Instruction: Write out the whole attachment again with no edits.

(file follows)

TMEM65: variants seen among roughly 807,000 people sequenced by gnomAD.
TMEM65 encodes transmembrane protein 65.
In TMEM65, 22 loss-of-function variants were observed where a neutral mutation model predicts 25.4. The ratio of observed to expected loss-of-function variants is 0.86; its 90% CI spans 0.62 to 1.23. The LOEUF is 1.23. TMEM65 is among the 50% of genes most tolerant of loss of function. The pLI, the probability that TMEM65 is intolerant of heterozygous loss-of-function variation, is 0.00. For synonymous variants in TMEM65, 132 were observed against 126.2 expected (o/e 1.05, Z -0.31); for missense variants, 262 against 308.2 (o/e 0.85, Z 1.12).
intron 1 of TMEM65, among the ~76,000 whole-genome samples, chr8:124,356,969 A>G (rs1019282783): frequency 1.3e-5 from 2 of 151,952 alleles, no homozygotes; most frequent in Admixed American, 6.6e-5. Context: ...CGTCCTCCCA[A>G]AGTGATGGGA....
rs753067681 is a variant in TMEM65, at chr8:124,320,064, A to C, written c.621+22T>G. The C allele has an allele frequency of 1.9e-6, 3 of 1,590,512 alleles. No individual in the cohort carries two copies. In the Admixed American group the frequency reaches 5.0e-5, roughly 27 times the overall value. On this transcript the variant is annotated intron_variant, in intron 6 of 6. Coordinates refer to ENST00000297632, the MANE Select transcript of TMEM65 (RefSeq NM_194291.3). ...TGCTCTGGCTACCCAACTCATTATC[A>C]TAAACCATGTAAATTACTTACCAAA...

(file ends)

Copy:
TMEM65: variants seen among roughly 807,000 people sequenced by gnomAD.
TMEM65 encodes transmembrane protein 65.
In TMEM65, 22 loss-of-function variants were observed where a neutral mutation model predicts 25.4. The ratio of observed to expected loss-of-function variants is 0.86; its 90% CI spans 0.62 to 1.23. The LOEUF is 1.23. TMEM65 is among the 50% of genes most tolerant of loss of function. The pLI, the probability that TMEM65 is intolerant of heterozygous loss-of-function variation, is 0.00. For synonymous variants in TMEM65, 132 were observed against 126.2 expected (o/e 1.05, Z -0.31); for missense variants, 262 against 308.2 (o/e 0.85, Z 1.12).
intron 1 of TMEM65, among the ~76,000 whole-genome samples, chr8:124,356,969 A>G (rs1019282783): frequency 1.3e-5 from 2 of 151,952 alleles, no homozygotes; most frequent in Admixed American, 6.6e-5. Context: ...CGTCCTCCCA[A>G]AGTGATGGGA....
rs753067681 is a variant in TMEM65, at chr8:124,320,064, A to C, written c.621+22T>G. The C allele has an allele frequency of 1.9e-6, 3 of 1,590,512 alleles. No individual in the cohort carries two copies. In the Admixed American group the frequency reaches 5.0e-5, roughly 27 times the overall value. On this transcript the variant is annotated intron_variant, in intron 6 of 6. Coordinates refer to ENST00000297632, the MANE Select transcript of TMEM65 (RefSeq NM_194291.3). ...TGCTCTGGCTACCCAACTCATTATC[A>C]TAAACCATGTAAATTACTTACCAAA...